Illustrator-icon Anne Spudvilas is known for The Peasant Prince by Li Cunxin (my teacher notes are on the Reading Australia site), Woolvs in the Sitee (written by Margaret Wild) and her first book The Race by Christobel Mattingley which won the Crichton Award for Illustration and was a CBCA Honour Book. Her new interpretation of Swan Lake (Allen & Unwin) is a sumptuous gift book. It is a retelling of Tchaikovsky’s ballet set on the Murray-Darling. The lavish illustrations are textured and allusive. Spudvilas features black and white with occasional limited shades of yellow, and red for a few sparse dramatic and accentuated moments.
Stepping Stones: A Refugee Family’s Journey by Margriet Ruurs, artwork by Nizar Ali Badr
Stepping Stones (UQP) was published earlier in the year but remains timely with the ongoing issues in caring for and resettling refugees. Margriet Ruurs saw Syrian, Nizar Ali Badr’s stone and pebble artwork online and worked hard and inventively to contact him and gain permission to use his art to highlight the plight of those escaping the horrors of war. The text is written in Arabic and English.
Another unusual and fascinating picture book is Drawn Onward (Fremantle Press), a palindromic text which can be read forwards and backwards . Meg McKinlay, who is most well-known for her multiple awarded dystopian novel, A Single Stone, uses the palindrome form to rephrase negative phrases and thoughts into positive. She calls it “optimism training for our kids”. The design is appropriately subtle and enigmatic.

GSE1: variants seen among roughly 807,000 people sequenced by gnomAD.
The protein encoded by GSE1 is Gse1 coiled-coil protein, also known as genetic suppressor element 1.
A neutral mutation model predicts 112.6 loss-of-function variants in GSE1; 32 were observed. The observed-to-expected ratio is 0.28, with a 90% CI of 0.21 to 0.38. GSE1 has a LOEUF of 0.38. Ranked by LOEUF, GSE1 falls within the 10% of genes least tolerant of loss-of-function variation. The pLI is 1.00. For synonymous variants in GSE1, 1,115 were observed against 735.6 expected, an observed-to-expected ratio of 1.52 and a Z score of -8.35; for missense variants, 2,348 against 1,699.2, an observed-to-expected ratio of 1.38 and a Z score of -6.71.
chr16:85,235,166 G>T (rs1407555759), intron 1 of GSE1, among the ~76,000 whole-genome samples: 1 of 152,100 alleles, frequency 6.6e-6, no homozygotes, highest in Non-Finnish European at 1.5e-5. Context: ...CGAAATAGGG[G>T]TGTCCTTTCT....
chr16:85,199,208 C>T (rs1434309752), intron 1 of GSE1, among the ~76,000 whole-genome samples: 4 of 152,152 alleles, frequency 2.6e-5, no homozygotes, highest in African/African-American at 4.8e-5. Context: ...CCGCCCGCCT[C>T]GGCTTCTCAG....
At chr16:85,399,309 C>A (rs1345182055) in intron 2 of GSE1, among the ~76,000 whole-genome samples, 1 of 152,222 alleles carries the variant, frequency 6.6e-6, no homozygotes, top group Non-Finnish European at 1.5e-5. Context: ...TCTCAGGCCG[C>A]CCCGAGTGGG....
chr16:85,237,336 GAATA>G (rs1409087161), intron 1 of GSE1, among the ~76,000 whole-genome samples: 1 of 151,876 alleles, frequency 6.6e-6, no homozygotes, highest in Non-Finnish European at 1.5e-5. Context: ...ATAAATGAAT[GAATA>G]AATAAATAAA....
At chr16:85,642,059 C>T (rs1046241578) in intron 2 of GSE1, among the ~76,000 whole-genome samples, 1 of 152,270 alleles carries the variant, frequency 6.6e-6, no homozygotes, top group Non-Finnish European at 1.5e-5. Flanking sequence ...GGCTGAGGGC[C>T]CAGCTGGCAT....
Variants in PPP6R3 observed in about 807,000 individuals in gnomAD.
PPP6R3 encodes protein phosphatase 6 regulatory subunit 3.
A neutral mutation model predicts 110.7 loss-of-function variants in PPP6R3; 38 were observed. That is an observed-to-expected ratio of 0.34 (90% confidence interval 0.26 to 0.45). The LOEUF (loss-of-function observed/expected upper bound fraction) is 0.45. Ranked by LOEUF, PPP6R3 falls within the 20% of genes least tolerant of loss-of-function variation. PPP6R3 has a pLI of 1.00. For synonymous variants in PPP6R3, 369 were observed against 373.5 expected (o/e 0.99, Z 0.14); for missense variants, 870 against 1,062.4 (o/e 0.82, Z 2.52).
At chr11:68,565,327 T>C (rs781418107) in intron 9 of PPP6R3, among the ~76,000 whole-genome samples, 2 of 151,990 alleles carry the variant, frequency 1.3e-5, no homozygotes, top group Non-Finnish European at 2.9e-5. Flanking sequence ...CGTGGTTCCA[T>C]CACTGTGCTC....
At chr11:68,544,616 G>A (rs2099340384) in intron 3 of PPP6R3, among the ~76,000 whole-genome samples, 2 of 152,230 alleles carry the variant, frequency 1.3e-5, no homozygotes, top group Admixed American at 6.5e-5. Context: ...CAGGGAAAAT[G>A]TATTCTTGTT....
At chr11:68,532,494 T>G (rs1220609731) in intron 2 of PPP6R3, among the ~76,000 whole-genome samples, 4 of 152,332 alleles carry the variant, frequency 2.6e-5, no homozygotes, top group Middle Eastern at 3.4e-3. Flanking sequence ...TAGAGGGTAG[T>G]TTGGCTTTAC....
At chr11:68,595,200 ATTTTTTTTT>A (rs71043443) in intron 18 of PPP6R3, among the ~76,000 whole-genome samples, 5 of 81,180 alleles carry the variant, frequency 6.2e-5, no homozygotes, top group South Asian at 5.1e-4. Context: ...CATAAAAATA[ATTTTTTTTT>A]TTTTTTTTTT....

Like the other books reviewed here, colour is used efficaciously in Danny Blue’s Really Excellent Dream (Lothian Children’s Books, Hachette). The story begins “Once in a blue moon, everyone has a really, really excellent dream.” Danny’s world is coloured blue and his father’s factory makes every hue of blue paint. After Danny’s dessert of blueberries one night, he dreams, not in blue, but of a red whale. Blue continues to dominate his life until he decides to create his dream colour in paint. It takes until Day 99 when “Not – Blue” appears and, even though people are suspicious, Not-Blue starts showing up where it’s not expected. This is a wonderful book about being different, dreaming and persistence in creativity.
Children have their whole lives ahead of them to do and be whatever they desire. Whether or not those wishes seem achievable, let’s encourage their dreams and aspirations and teach them that obstacles are an important part of the journey. Here are a couple of inspiring picture books that support the notions of following your heart and striving to reach your goals.
Eric the Postie by Matt Shanks is an adorable story about a little echidna stamping his mark on the small township of Wattleford in outback Australia. His ancestors, as seen in Eric’s own Hall of Fame-type gallery, had all achieved greatness in their own right. However, Eric’s dream is to be the best postie in town, and he has all the perfect attributes to prove it – dog protection, a really long tongue for licking envelopes, a sharp beak for opening the residents’ mail, and the ability to keep the letterboxes pest free. But when he realises he has no actual mail to deliver, Eric abounds an inventive delivery scheme that ensures a successful postal experience for everyone.
Matt Shanks’ ingenious story is heartwarming, lively and simple, and his illustrations on white backgrounds equally match the gentle, charismatic and uncomplicated nature of the book. I love his placement of the characters’ off-the-face eyes, and the endpapers are pretty special, too!
If you’re looking for a book that will get the seal the approval from your preschooler, then this one delivers! With sheer determination, tenacity and ambition, Eric the Postie addresses them all.
Nothing says, ‘I’m the queen of the world!’ like the majestic stance of the small rhinoceros on her boat that graces the front cover of this book. And rightly so. In Once Upon a Small Rhinoceros by Meg McKinlay and Leila Rudge, this little powerhouse impresses us all with her spirited resolve as she achieves her dreams of seeing the world.